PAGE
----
large organizations. The demand or desire for flexi hours from employees roseconsiderably between 1996 and 2000. (Hogarth et al. 2000: 16-17)There are differing interests between employees and employers on the family friendlyemployment policy. While employees wish for flexible working hours, non-standardforms of work, paid leaves etc. etc., employers try to off-set the cost benefit of all thesefacilities. (Holtermann, 1995; Scheibl and Dex, 1998) The private sector employers,already pushed by the effects of globalization and competitiveness to keep a closewatch on the bottom line profits, find it difficult to justify the cost of disruption caused bytemporary reduction in productivity caused by absent colleagues and extra expenditureson these family friendly policies. Moreover, they find it hard to justify the reduced level ofinput to those who are not covered by such arrangements leading to resentments withinthe team. It is difficult to compare the cost benefit ratio of such arrangements before andafter effecting these policies but some organizations in the UK have made their beforeand after benefits public. Organizations like Asda, Chubb Group, National WestminsterBank and Abbey National have reported and publicized that they have benefited fromthese policies in terms of increased retention, reduced sickness and boosted moralethus challenging the notion of a net loss through such activities. However, much moredata is awaited to reach a definitive conclusion.In a landmark study done by Dex (2003), it has been revealed that father and mothersput family life at the center of their attention. There are challenges at all levels, startingfrom a little change in school time – tables of their children to changes in working hoursand changes in geographical locations of work, each one exerting a pressure of its ownkind on the parents. This, augmented by the shift towards atypical work has forcedfamilies to take some drastic decisions about their personal and family life by eithermoving to part time work or self employment. Some families have moved to convenientgeographical locations in order to adjust to these changes.The Pressures of WorkThe levels of occupational stress are increasing and work is intensifying. The impact ofwork life pressures into domestic and family environment demonstrates itself in theshape of exhaustion, stress and sleepless nights. (Hyman et al. 2003) The pressures ofwork on employees are immense despite the repeated expression of the government toprovide opportunities for the employees to balance their personal life alongside worklife. (CLMS 2006)The following key factors have been identified by researchers to be biggest source ofwork pressures:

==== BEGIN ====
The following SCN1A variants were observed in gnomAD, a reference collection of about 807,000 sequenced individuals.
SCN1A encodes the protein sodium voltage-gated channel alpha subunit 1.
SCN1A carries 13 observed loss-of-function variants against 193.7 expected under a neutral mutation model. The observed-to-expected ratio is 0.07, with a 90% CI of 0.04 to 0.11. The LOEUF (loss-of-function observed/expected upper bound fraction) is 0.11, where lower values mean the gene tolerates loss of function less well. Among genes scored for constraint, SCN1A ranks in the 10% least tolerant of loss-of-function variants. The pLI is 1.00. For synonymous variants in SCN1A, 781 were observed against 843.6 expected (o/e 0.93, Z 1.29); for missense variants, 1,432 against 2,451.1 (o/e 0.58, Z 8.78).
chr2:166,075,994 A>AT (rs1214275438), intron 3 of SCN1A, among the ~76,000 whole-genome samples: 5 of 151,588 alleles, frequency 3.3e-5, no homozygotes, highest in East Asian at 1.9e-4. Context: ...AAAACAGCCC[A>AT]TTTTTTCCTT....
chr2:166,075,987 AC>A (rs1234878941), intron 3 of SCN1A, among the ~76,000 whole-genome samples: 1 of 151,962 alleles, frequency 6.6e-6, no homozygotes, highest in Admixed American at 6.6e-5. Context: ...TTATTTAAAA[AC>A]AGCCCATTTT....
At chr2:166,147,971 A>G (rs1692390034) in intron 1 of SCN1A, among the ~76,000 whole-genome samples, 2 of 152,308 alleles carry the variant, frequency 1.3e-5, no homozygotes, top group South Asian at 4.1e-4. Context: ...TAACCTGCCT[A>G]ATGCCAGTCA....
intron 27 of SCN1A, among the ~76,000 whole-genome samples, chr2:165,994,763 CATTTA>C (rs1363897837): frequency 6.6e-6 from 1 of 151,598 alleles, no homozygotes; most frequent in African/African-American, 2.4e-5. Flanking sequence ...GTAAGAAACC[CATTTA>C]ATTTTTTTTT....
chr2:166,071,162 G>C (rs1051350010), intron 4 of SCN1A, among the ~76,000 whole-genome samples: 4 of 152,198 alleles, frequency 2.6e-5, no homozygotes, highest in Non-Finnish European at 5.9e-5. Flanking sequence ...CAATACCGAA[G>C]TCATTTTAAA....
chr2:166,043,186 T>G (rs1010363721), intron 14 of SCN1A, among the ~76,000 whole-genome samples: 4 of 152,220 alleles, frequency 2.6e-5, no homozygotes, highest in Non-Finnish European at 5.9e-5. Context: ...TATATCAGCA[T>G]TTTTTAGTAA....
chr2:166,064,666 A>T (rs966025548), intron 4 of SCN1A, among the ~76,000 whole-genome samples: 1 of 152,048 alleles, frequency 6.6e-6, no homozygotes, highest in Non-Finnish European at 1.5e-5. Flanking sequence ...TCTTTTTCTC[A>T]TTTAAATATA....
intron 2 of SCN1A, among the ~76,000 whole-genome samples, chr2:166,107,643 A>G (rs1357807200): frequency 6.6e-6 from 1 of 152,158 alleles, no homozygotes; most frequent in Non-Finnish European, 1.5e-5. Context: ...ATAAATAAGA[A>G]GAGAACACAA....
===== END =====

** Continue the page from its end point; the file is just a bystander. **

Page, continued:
Non-Standard EmploymentAlthough many positive connotations have been associated with the non standard formemployment, noteworthy among them being flexibility, creativity, positive response tochange and innovation, the list of negative connotations is equally long and strong. Nonstandard form of employment is also associated with high turnover, insecurity, coercivemanagement, lowest wage rates, inconvenient and unsocial working hours andintensified labor processes. (Felstead and Jewson: 1999) Evidence suggests that youngworkers, women with dependent children, near retirement people and those from ethnicminorities are more likely to be in non-standard jobs. (Dex and McCulloch, 1995:Blossfield and Hakim, 1997) However some consider non standard work a blessingbecause they can enjoy work as well as family. (Watson and Fothergill 1993) However,majority of them were women with children who could thus find time to attend to familyas well as make some extra money.The critical pressures for choosing between standard and non-standard works andworkforce have always been emanating from the strategy of organizations to remaininternationally competitive through flexibility, agility, subcontracting, niche marketing,franchising or networking. Felstead and Jewson argue that it is the strategy whetherdeliberate (Hunter et Al 1993) or emergent (Procter et al 1994) that decides which formof work to choose for employees in order to remain competitive and profitable. Non –standard form of work is also influenced by social process (Lane 1989) and economicdevelopment and could be one of the ways of mobilizing cheap labor for rapid economicgrowth necessary for globalization. Therefore the root of pressure on workers tobecome a victim of non-standard form of work has its origins in globalization,managerial decisions, society and economy.Another element of pressure on the employees within the non-standard frameworkemerged from the concept of “core” and “Peripheral” groups in an organization whichmeant that an organization has to have a central group of smaller number of peoplewho are multi-skilled and could handle multi – tasking thereby remaining ‘flexible’ to thechanging environment. This phenomenon was labeled as ‘functional’ flexibility. On theother hand, the same organization had a much larger ‘peripheral’ group of employeeswho were labeled ‘flexible’ in terms of balancing out the ‘number’ of people in anorganization. Both groups remain under duress: The core group because of itsexpectations to remain multi-skilled and ready for multi-tasking (which also meansextended work hours and handling of various functions simultaneously). The ‘peripheral’group had the pressure of redundancy, low wages, absence of fringe benefits andinsecurity. (Pollert: 1988; Atkinson 1984; NEDO, 1986) A third type of ‘flexibility’ is thedecision ability of managers to upward and most commonly (and painfully) downwards